To most beginner barefoot runners, running barefoot on grass, or softer surfaces feels more comfortable than running on pavement. But the problem with running barefoot on soft surfaces is that it almost feels the same as running in cushioned running shoes in that it allows landing on the heel (i.e. heel strike) to feel comfortable. Even worse, you may be heel striking without even knowing it when you run barefooted on such surfaces.
Running Barefoot on Matted Surfaces May Provoke Heel Strike
The fact is, running barefoot (for a beginner) on a matted surface impairs leg kinematics in ways that are strikingly similar to running in cushioned running shoes.
Conventional wisdom holds that runners must wear heavily cushioned running shoes to run safely on the road. However, many experts believe running barefoot on asphalt is the best strategy to optimize leg kinematics.
Running barefoot fully optimizes proprioceptive feedback in the feet, allowing the central nervous system to initiate reflexes, such as modifying leg stiffness, to make landings comfortable, even on the hardest surfaces. However, to run barefoot on pavement safely, a forefoot strike landing must be utilized since it eliminates impact transients.
Hard vs Soft Surfaces
While running barefoot on grass, dirt trails, or on a beach is great also, the body does not seem to like running barefoot on a matted ‘unnatural’ surface such as EVA foam, or even gymnastic mats.
A study by Hein and Grau compared the kinematics in untrained barefoot runners who ran on an EVA foam surface and runners in minimalist footwear who ran on a tartan surface. All subjects in the study were heel strikers and maintained heel strike during barefoot running.
The researchers found that during stance, barefoot runners had slight forefoot torsion which caused an outward rotation of the heel, thereby rearfoot inversion was increased.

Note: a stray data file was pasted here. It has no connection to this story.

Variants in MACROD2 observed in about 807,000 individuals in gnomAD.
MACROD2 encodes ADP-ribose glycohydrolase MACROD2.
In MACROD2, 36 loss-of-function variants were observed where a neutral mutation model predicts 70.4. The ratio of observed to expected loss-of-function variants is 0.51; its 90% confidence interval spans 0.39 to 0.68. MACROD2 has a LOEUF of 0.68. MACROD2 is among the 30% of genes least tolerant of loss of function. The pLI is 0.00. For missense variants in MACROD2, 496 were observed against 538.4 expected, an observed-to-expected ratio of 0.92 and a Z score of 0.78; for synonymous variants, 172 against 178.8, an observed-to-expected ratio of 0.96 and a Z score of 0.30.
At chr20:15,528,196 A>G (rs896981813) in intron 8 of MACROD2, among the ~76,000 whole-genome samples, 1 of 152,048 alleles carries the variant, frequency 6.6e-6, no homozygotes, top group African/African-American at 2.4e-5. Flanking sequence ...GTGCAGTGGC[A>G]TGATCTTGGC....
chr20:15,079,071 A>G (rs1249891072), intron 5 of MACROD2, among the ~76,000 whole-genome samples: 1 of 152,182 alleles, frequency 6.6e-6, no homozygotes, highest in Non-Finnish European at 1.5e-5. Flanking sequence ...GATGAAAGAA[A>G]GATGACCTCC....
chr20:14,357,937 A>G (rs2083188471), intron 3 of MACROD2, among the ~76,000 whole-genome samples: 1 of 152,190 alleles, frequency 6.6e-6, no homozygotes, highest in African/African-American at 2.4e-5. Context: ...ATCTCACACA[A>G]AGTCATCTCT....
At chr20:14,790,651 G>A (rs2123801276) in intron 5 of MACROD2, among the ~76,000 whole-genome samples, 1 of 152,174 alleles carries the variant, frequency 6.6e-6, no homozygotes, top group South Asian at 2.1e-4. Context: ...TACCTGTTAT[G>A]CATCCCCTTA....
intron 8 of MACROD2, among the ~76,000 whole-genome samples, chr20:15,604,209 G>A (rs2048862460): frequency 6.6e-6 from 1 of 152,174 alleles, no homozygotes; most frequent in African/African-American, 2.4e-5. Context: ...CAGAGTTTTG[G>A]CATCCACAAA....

- the researchers suggested that the EVA foam cannot provide enough friction for a straight push-off phase
- likewise, the minimalist running group, also had high rearfoot inversion, had a straighter push-off phase
These results suggest the body may interact better with ‘natural’ surfaces when running barefoot, even when heel striking *cringe*. And, running on a cushioned matted surface is probably no different from running in heavily cushioned footwear, which may explain why heel striking was maintained in the barefoot running group.
In terms of an ideal surface to run on, the harder the surface, the more stable and a result, the body will perceive foot strike as more stable also.
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Hein T and Grau S. Can minimal running shoes iminate barefoot heel-toe running patterns? a comparison of lower leg kinematics. J Sport Health Sci, 2014; 3(2):67-73.
BSc Neurobiology; MSc Biomechanics candidate, ultra minimalist runner & founder of RunForefoot. I was a heel striker, always injured. I was inspired by the great Tirunesh Dibaba to try forefoot running. Now, I'm injury free. This is why I launched Run Forefoot, to advocate the health & performance benefits of forefoot running and to raise awareness on the dangers of heel striking, because the world needs to know.